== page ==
The current technology describes the universal inactivation of viruses, parasites, and tumor cells by hydrophobic, photoactivatable compounds. These non-toxic compounds, such as 1,5-iodoanpthylazide (INA), will selectively accumulate in the innermost regions of biological membrane bilayers, where the compounds will bind to proteins and lipids upon irradiation with light, thus inactivating deeply embedded proteins while maintaining integrity and activity of the proteins on the surface. This inactivation preserves the structural and conformational integrity and therefore immunogenicity of the agent in question, which overcomes a potential problem associated with some other vaccines such as those containing killed pathogens. As representative examples, the patent application describes experimental results obtained using HIV, SIV, and Ebola viruses. The inactivation approach presented in this technology provides for a safe, non-infectious composition for vaccination against the corresponding agent, whereas some vaccines, such as those involving live-attenuated microbial agents, still have a risk of infectivity associated with them.

In addition to licensing, the technology is available for further development through collaborative research opportunities with the inventors.

High Expression Level Vectors Combining of mRNA Transport Elements for Use in Mammalian Cells

Barbara K. Felber et al. (NCI).

U.S. Provisional Application No. 60/471,988 filed 19 May 2003 (HHS Reference No. E-223-2003/0-US-01); U.S. Provisional Application No. 60/472,223, filed 20 May 2003 (HHS Reference No. E-258-2003/0-US-01); PCT Application No. PCT/US04/15776 filed 19 May 2004, which published as WO2004/113547 on 29 Dec 2004 (HHS Reference No. E-223-2003/1-PCT-01).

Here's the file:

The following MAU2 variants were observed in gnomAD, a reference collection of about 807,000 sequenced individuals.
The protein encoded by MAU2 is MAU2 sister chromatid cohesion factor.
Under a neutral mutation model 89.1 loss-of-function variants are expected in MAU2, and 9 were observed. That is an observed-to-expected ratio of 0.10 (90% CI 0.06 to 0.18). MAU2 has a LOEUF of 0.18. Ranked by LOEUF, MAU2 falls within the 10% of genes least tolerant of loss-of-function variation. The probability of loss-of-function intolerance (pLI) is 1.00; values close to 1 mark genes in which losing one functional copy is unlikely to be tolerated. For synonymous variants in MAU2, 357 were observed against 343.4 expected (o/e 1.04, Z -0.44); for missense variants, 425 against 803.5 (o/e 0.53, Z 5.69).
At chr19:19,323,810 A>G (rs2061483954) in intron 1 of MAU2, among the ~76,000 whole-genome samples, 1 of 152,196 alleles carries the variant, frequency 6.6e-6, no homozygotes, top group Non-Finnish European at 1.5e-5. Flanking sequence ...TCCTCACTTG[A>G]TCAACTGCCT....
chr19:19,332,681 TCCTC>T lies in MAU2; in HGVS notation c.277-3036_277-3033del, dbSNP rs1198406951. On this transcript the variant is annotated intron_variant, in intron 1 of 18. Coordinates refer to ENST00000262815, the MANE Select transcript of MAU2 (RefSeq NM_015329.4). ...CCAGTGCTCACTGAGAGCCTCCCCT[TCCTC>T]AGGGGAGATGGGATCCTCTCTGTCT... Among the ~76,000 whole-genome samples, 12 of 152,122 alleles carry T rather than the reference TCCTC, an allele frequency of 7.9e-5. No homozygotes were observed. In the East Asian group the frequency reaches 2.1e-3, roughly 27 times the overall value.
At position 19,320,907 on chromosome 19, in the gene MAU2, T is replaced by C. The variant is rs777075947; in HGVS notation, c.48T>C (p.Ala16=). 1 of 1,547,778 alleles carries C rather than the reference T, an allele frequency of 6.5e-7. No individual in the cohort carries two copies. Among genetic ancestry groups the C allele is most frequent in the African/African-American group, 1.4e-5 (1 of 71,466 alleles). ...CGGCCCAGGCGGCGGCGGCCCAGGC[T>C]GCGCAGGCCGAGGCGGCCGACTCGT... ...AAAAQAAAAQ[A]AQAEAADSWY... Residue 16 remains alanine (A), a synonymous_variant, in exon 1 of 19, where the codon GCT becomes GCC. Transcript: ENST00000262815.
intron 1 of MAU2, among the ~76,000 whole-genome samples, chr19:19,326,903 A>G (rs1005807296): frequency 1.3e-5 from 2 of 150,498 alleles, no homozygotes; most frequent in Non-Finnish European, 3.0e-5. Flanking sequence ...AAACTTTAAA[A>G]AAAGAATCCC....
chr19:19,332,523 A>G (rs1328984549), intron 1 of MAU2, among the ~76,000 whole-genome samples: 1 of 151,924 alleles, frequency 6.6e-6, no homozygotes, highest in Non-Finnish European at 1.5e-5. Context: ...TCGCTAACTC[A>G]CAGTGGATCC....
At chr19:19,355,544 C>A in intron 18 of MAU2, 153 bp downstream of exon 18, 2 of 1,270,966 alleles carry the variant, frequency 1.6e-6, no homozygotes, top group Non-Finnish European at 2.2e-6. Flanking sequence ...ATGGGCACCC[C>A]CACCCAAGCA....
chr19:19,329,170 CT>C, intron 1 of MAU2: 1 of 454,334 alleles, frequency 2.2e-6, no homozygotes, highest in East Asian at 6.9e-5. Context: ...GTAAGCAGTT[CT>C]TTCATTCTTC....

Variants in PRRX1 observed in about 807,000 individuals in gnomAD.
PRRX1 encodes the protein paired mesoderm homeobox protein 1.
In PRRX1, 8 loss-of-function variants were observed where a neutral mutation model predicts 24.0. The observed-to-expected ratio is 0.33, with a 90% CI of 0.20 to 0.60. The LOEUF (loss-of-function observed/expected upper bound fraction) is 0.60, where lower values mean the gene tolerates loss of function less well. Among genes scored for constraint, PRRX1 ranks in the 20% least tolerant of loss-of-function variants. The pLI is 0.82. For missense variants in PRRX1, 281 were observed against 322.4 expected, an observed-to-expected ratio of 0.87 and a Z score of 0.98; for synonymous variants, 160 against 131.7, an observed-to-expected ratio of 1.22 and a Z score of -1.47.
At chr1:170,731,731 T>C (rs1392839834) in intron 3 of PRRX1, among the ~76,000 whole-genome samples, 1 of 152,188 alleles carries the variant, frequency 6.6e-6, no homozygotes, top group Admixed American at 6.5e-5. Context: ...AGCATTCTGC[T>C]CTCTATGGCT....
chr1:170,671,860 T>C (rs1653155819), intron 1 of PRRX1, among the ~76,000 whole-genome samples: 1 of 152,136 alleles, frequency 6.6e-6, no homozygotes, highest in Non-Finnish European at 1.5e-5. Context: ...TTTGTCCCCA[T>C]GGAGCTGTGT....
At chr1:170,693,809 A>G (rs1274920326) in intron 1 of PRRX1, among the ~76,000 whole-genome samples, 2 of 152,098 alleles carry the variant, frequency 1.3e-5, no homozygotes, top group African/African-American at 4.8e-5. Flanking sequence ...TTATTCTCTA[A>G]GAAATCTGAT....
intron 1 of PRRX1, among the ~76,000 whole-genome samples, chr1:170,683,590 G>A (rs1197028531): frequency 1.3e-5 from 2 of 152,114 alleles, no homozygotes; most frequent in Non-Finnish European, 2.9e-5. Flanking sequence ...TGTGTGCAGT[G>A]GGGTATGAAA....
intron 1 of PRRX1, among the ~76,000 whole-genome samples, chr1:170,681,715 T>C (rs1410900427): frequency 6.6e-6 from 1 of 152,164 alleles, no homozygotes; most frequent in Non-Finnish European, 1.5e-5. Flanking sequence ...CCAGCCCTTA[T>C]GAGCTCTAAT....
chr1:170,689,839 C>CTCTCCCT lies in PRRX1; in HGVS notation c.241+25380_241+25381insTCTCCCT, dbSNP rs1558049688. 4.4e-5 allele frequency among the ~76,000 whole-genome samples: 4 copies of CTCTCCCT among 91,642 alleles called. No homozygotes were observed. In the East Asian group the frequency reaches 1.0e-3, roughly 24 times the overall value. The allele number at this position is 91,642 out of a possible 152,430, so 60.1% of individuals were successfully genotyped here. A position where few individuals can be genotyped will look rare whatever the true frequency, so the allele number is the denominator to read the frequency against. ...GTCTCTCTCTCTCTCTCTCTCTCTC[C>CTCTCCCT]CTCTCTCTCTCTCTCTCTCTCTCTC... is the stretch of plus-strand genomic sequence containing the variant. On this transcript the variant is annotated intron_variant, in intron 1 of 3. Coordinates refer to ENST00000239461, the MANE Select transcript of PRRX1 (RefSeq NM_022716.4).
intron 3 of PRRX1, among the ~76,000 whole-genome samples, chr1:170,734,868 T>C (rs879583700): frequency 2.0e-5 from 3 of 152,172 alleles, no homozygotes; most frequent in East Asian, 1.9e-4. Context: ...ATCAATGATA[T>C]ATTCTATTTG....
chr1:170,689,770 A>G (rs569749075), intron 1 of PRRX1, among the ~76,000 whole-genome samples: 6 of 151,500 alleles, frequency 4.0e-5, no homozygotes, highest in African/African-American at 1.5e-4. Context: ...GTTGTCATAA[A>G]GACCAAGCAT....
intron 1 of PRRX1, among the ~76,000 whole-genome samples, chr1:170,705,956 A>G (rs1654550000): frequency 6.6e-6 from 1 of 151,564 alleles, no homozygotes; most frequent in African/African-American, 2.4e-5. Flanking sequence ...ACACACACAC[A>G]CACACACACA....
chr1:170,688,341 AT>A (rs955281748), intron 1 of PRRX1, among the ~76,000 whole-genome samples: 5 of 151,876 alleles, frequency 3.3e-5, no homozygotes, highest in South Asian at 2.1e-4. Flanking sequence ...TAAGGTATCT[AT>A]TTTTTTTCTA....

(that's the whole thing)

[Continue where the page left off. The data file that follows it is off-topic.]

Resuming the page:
Licensing Contact: Susan Ano; 301/435-5515;

This technology relates to improving levels of gene expression using a combination of a constitutive RNA transport element (CTE) with a mutant form of another RNA transport element (RTE). The combination of these elements results in a synergistic effect on stability of mRNA transcripts, which in turn leads to increased expression levels. Using HIV-1 gag as reporter mRNA, one mutated RTE in combination with a CTE was found to improve expression of unstable mRNA by about 500-fold. Similarly this combination of elements lead to synergistically elevated levels of HIV-1 Env expression. The function of CTEs and RTEs is conserved in mammalian cells, so this technology is a simple and useful way of obtaining high levels of expression of otherwise poorly expressed genes and can be used in a number of applications such as but not limited to improvements of gene therapy vectors, expression vectors for mammalian cells.

In addition to licensing, the technology is available for further development through collaborative research opportunities with the inventors.

Recombinant Plasmids Containing HIV Reverse Transcriptase